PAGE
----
Bugs with pincers and scatter as soon as you lift a garden pot have to be among the creepiest.  When you add the name Earwig to the bug's name, based on an old wives tale that they crawl into your ear while you sleep, the heebie jeebies are off the scale.  Even though you may shutter at the sight, Earwigs really are not that bad for your garden, and they are not out to pinch you either.

The wet conditions in the southeast portion of the state this spring resulted in a large number of earwigs showing up in homes and gardens according to Amanda Bachmann, SDSU Extension Pesticide Education & Urban Entomology Field Specialist:

Earwigs are very distinctive and are often feared by onlookers due to the pincer or forceps appendages present at the end of their body, but they are not harmful to humans.  Occasionally, earwigs are considered garden pests when their feeding damages fruit or foliage. However, for the most part they prefer to inhabit areas under mulch, potted plants, compost piles or other damp, sheltered locations.

Earwigs eat aphids and mites, as well as decaying plant material and garden plants.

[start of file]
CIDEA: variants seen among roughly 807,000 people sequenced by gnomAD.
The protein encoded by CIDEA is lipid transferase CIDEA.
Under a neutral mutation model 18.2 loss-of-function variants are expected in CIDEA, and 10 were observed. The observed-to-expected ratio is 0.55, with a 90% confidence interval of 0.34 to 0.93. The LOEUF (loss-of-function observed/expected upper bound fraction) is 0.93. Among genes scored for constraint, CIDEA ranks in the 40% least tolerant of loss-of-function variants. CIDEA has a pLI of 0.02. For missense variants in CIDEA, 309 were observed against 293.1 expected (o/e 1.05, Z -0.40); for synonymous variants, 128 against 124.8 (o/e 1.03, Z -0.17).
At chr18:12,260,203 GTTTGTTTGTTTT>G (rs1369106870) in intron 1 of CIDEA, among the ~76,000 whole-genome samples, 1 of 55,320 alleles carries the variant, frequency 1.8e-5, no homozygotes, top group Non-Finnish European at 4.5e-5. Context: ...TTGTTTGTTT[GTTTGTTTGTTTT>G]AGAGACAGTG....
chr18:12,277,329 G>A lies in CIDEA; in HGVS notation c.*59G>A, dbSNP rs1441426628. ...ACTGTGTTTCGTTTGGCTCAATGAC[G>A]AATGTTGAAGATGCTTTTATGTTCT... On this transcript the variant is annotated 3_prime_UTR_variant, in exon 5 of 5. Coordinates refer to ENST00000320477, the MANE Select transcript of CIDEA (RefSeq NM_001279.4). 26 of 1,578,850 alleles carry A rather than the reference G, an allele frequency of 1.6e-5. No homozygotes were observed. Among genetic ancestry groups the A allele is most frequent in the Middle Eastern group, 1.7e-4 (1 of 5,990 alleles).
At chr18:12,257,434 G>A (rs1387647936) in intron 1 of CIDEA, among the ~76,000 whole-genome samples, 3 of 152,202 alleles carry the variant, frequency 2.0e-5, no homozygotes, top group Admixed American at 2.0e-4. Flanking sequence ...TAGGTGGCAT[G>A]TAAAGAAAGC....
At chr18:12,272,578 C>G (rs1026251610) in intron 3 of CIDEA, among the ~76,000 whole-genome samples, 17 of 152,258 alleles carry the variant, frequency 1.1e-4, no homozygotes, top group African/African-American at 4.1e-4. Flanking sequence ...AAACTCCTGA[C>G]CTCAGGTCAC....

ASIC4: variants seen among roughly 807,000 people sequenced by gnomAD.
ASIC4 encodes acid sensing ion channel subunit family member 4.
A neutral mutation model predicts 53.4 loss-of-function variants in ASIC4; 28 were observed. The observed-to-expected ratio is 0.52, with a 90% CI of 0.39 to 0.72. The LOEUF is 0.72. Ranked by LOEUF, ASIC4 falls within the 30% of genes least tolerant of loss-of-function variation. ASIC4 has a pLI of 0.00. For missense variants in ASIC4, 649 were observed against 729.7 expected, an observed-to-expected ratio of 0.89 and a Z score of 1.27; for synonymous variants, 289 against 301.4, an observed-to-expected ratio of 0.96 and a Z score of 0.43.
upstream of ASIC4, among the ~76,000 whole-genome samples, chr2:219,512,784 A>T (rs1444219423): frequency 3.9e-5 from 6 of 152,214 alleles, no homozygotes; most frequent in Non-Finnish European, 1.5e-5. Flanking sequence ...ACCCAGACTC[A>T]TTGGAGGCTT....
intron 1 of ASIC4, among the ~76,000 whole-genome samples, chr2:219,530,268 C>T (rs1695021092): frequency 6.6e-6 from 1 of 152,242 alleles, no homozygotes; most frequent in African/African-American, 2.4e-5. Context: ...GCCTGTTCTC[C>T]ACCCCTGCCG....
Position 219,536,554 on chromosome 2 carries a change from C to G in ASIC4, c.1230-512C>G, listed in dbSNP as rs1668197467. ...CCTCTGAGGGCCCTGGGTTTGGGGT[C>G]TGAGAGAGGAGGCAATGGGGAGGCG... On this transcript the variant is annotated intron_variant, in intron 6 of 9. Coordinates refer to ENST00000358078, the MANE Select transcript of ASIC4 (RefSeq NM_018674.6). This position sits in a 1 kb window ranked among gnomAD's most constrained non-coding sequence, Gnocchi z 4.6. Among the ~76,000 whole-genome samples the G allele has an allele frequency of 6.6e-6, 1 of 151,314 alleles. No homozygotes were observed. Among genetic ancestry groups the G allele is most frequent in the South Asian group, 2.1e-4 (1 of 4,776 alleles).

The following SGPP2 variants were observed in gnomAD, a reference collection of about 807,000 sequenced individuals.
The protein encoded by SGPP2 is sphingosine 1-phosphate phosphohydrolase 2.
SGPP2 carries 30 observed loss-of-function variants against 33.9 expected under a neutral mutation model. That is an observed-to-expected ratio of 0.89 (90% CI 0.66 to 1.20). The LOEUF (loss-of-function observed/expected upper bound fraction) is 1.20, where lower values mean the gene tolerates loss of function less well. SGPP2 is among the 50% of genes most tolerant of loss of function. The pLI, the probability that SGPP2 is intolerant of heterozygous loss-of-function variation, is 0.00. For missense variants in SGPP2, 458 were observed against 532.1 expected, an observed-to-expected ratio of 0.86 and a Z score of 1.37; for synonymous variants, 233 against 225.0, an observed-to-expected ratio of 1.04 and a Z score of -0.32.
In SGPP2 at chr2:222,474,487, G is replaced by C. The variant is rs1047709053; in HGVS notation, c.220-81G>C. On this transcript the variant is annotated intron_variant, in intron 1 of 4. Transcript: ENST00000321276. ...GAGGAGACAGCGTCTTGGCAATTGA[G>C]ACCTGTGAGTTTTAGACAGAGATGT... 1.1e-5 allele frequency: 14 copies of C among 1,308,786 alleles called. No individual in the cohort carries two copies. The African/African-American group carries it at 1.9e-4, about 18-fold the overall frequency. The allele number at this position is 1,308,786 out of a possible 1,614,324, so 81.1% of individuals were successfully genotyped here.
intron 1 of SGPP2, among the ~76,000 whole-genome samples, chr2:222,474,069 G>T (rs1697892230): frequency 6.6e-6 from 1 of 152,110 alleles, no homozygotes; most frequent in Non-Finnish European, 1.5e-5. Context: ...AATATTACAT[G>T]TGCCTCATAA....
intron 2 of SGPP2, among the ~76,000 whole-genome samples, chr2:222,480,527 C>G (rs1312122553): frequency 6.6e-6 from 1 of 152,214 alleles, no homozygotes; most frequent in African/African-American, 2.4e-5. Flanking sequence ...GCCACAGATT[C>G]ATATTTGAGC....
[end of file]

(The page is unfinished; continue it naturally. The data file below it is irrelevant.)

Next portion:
Generally, earwigs exist outdoors and are mostly unnoticed, but like many other insects they can find their way inside.

You can catch earwigs with an old tuna can, a little leftover tuna oil inside to line the bottom of the can and when the earwigs enter the can, they're stuck inside the oily goo.

Debbie Graham from the Radio Program How's it Growing says an alternative to chemicals includes crushed up egg shells or oyster shells to create a barrier that basically cuts up the surface of the earwigs as they try to travel by.  The shells do need to be finely crushed.  Another easier alternative is purchasing diatomaceous earth from a garden store and sprinkle it where earwigs and other pests run.

If applying an insecticide to garden plants, mulch or soil, make sure to read and follow the label directions. Applying insecticides to flowering plants can be harmful to pollinators and other beneficial insects.